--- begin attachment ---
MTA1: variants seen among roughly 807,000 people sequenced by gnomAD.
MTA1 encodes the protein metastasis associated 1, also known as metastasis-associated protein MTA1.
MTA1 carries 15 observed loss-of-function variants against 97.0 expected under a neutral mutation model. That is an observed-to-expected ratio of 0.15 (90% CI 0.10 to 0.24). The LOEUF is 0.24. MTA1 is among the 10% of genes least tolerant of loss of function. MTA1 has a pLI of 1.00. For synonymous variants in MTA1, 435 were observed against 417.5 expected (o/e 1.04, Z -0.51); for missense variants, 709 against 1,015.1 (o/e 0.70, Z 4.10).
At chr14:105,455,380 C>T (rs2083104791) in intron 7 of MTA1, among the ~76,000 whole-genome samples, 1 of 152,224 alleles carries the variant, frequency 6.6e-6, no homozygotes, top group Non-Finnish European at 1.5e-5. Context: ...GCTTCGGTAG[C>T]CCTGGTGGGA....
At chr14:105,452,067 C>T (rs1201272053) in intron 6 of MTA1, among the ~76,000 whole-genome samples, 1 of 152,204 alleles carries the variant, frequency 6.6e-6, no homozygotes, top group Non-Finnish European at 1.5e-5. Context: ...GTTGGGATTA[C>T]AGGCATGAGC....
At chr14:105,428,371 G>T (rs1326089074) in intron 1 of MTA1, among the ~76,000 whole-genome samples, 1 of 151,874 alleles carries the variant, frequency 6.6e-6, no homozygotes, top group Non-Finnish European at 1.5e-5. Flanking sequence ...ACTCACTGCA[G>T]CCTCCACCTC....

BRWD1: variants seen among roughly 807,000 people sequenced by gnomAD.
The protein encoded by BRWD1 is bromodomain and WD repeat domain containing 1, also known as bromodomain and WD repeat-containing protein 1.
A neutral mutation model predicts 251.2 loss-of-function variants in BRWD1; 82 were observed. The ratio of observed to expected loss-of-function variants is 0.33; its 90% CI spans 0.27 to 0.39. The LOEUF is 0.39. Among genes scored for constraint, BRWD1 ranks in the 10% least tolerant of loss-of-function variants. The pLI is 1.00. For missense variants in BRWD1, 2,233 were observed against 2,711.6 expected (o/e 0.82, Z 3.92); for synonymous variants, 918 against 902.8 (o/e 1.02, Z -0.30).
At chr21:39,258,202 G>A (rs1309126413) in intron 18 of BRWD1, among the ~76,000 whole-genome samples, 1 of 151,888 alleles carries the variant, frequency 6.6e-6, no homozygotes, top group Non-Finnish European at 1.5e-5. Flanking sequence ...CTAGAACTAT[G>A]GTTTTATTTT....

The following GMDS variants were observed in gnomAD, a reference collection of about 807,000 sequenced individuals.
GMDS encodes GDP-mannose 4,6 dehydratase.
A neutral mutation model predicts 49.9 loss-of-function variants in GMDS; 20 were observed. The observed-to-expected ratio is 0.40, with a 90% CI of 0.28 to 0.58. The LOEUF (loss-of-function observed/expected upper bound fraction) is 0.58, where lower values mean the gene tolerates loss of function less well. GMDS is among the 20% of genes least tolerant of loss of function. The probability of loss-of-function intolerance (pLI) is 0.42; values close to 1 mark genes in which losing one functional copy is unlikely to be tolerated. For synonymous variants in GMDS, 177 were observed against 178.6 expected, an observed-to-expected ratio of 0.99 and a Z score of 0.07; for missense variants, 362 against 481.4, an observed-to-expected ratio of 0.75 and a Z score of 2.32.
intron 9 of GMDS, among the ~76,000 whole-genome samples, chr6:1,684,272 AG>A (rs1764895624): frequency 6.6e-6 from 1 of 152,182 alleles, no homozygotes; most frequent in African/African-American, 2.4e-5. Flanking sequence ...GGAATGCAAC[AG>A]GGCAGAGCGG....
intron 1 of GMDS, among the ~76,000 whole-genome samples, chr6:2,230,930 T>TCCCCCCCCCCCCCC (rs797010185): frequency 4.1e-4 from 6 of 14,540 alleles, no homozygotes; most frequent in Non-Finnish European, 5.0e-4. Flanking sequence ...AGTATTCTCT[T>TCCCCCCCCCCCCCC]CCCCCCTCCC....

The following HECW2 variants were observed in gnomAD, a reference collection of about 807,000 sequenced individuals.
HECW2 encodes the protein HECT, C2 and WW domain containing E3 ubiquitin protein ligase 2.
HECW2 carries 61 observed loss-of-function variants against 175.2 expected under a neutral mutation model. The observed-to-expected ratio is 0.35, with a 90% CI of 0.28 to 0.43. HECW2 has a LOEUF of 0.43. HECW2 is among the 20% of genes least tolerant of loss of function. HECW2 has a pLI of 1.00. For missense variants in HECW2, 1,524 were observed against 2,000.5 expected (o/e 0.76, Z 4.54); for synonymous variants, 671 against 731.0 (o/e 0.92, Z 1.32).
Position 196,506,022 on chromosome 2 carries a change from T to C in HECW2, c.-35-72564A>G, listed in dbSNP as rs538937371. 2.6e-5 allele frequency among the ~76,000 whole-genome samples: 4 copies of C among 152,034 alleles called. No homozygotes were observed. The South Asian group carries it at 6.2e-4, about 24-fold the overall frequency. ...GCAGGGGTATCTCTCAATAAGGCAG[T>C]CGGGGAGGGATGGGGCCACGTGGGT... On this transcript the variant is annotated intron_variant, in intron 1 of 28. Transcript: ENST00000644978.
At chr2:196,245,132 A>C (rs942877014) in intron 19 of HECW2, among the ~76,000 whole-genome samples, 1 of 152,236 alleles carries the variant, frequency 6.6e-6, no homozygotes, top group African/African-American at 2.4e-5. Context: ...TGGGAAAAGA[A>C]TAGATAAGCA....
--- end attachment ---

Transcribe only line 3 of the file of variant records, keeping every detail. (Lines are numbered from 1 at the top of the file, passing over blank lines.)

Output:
MTA1 carries 15 observed loss-of-function variants against 97.0 expected under a neutral mutation model. That is an observed-to-expected ratio of 0.15 (90% CI 0.10 to 0.24). The LOEUF is 0.24. MTA1 is among the 10% of genes least tolerant of loss of function. MTA1 has a pLI of 1.00. For synonymous variants in MTA1, 435 were observed against 417.5 expected (o/e 1.04, Z -0.51); for missense variants, 709 against 1,015.1 (o/e 0.70, Z 4.10).